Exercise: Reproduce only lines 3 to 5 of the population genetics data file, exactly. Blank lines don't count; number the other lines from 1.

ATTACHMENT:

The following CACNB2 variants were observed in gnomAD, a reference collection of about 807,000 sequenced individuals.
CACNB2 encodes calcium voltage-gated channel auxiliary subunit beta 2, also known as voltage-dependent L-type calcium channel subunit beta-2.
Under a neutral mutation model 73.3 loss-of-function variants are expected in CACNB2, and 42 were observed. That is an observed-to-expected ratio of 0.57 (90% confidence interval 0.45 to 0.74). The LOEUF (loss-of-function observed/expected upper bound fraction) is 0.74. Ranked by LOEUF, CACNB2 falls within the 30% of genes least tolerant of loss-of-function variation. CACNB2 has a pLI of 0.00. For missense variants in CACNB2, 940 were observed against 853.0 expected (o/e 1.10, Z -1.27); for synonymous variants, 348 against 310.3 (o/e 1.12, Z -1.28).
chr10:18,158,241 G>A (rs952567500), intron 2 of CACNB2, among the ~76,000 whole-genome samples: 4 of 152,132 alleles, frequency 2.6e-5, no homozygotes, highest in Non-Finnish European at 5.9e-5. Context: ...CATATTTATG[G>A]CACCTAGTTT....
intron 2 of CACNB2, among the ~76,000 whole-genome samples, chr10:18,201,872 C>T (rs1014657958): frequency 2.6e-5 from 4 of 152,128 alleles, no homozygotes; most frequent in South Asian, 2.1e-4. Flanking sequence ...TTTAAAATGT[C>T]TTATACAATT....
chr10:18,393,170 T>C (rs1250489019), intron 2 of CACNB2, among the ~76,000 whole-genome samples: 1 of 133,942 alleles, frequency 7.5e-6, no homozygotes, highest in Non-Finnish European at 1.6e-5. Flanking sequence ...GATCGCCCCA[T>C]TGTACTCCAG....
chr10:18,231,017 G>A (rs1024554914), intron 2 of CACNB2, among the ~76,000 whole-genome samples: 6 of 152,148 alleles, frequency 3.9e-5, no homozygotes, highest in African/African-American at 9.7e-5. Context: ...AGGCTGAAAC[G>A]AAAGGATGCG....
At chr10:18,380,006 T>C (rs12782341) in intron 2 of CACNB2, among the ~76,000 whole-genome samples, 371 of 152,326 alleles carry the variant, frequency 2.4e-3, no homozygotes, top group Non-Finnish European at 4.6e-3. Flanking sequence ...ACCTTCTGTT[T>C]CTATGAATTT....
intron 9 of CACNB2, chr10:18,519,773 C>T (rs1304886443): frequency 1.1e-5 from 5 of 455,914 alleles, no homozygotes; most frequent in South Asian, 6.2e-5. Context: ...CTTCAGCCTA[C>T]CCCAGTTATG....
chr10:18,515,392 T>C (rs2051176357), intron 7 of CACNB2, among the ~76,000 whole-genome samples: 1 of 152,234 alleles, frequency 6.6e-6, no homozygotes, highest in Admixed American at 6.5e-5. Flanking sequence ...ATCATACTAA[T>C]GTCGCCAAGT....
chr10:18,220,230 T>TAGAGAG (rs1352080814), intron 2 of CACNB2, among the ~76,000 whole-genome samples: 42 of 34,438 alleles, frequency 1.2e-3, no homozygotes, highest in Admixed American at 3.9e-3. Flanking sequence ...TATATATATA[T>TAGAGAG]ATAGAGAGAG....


Under a neutral mutation model 73.3 loss-of-function variants are expected in CACNB2, and 42 were observed. That is an observed-to-expected ratio of 0.57 (90% confidence interval 0.45 to 0.74). The LOEUF (loss-of-function observed/expected upper bound fraction) is 0.74. Ranked by LOEUF, CACNB2 falls within the 30% of genes least tolerant of loss-of-function variation. CACNB2 has a pLI of 0.00. For missense variants in CACNB2, 940 were observed against 853.0 expected (o/e 1.10, Z -1.27); for synonymous variants, 348 against 310.3 (o/e 1.12, Z -1.28).
chr10:18,158,241 G>A (rs952567500), intron 2 of CACNB2, among the ~76,000 whole-genome samples: 4 of 152,132 alleles, frequency 2.6e-5, no homozygotes, highest in Non-Finnish European at 5.9e-5. Context: ...CATATTTATG[G>A]CACCTAGTTT....
intron 2 of CACNB2, among the ~76,000 whole-genome samples, chr10:18,201,872 C>T (rs1014657958): frequency 2.6e-5 from 4 of 152,128 alleles, no homozygotes; most frequent in South Asian, 2.1e-4. Flanking sequence ...TTTAAAATGT[C>T]TTATACAATT....